Construction workers in underground portion of commercial-residential building

Construction workers in underground portion of commercial-residential building

Things that are going well in B.C.

There's a building boom in the southwest, employment is improving and B.C. is forecast to lead Canada in economic growth

In the early days of this new year, readers have advised me to do several things. I’ll go with one that seems relatively painless, embracing the “sunny ways” of our new federal government and seeking optimism in these fragile times.

For starters, we have a building boom going on in the southwest. Here in Victoria, cranes dot the skyline as new residential-commercial projects emerge from bedrock, and hardhats are mostly on construction workers, scratched and backwards, rather than shiny and forward on politicians.

Shipyards are busy, with Royal Canadian Navy work and cruise ship refits to reduce their emissions, plus work on ferries, tugboats and barges.

Most of the activity is private investment, much of it in a hot housing market. Surrey has just recorded its second-highest total for building permits in history, a value of $1.46 billion nearly matching the pre-recession peak of 2007.

Thousands of provincial employees get a small raise in February, based on stronger than forecast economic growth in 2014. It works out to $300 a year for a medical technologist and $346 for a teacher.

Health care costs are rising less dramatically. That should ease the crisis atmosphere at provincial and federal health ministers’ negotiations over the funding formula, taking place this week in Vancouver.

Health Minister Terry Lake announced last week that the province is increasing funding for a promising program in cancer research, using genetic analysis to improve targeting for drugs to treat the hundreds of different cancers diagnosed in B.C. patients each year.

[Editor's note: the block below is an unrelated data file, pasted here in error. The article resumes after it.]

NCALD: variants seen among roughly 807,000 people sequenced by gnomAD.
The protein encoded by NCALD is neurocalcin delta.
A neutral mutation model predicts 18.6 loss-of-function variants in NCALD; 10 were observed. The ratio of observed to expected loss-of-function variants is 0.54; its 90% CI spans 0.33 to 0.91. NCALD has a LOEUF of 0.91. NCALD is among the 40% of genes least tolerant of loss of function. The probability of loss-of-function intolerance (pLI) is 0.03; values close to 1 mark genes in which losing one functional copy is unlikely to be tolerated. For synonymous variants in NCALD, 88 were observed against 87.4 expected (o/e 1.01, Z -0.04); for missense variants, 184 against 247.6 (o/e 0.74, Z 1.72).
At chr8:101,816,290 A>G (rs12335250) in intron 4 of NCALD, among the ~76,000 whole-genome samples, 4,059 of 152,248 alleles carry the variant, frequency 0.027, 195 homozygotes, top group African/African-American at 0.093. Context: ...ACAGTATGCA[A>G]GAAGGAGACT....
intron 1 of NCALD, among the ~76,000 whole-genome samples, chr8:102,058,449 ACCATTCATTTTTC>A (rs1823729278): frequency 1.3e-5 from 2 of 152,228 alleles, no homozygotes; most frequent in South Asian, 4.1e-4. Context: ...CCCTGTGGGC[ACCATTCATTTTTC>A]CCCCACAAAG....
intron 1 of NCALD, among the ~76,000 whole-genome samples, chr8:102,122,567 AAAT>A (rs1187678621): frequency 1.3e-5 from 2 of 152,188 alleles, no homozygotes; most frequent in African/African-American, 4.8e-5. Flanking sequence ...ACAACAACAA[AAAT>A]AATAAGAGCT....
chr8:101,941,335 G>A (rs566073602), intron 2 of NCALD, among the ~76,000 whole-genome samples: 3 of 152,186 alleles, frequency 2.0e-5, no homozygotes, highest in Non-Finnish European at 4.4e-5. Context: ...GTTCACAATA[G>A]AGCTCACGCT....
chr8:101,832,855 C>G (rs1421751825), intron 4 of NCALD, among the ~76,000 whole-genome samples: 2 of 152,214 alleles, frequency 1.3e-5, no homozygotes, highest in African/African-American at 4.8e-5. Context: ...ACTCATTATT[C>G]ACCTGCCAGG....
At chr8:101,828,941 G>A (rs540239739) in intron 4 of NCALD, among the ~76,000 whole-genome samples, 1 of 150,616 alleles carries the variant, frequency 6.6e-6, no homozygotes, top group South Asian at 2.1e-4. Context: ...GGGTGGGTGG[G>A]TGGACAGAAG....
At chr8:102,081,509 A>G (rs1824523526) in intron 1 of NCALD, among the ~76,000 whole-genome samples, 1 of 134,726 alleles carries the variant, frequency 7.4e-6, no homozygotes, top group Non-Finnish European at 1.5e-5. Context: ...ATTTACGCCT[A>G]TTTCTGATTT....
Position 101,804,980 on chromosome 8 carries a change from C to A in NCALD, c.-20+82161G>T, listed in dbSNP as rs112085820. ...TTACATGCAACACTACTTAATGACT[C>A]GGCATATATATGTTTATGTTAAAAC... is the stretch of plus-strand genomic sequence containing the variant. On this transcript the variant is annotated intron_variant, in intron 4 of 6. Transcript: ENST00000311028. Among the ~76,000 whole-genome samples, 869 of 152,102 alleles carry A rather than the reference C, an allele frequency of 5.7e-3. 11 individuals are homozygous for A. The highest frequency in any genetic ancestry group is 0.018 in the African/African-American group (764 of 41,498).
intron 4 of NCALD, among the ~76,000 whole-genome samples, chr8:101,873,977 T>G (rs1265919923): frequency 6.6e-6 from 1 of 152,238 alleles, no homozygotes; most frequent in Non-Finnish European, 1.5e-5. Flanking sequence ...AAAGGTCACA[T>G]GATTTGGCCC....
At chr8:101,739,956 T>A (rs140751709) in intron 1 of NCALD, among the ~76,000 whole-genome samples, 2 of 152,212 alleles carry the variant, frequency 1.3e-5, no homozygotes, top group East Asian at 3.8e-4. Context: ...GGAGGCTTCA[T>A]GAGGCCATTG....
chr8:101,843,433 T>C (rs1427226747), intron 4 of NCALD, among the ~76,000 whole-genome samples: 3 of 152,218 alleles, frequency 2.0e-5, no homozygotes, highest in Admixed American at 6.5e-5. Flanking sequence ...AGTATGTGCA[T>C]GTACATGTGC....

The B.C. Cancer Agency’s new director, Dr. Malcolm Moore, oncologist Dr. Janessa Laskin and Dr. Marco Marra, director of the agency’s Genome Science Centre, described a world-leading centre of research that is reaching out to specialists and their patients across the province and attracting international funding and talent for ground-breaking research.

Outside the urban regions, where retail sales and real estate mainly drive the economy, sunny ways are harder to find. The mining and natural gas sectors are in the grip of a slump in commodity prices, with more temporary mine closures expected.

The forest industry is being helped by the low Canadian dollar and a steady recovery in the U.S. economy, and tourism is expected to have another strong year as Americans take advantage of a discount on visits to B.C.

Central 1 Credit Union broke down the regional employment numbers for B.C. in 2015, and found job growth in every region except the Cariboo. Province-wide employment grew 1.2 per cent last year, ahead of the national rate. That may not sound like much, but compared to Alberta’s oil-dependent economy, it’s pretty good.

Construction of a new dam on the Peace River is expected to ramp up this year, bringing workers home from Alberta, and the federal government is planning to fast-track its promised infrastructure spending to create work across the country.

Energy and Mines Minister Bill Bennett was in Toronto last week to ring the opening bell at the stock exchange with B.C. mining industry representatives.

Not much sun on mining stocks these days, but Bennett’s sales pitch to an investor luncheon included reference to two more mines under construction in northwest B.C., the province’s Pacific Rim trade advantage, and revenue sharing with First Nations that is attracting attention of other provinces.

The Conference Board of Canada has forecast that B.C.’s economy will “lead the country by a wide margin over the near term,” with unemployment declining in 2016.

We’re at the mercy of global forces, but things could be a whole lot worse.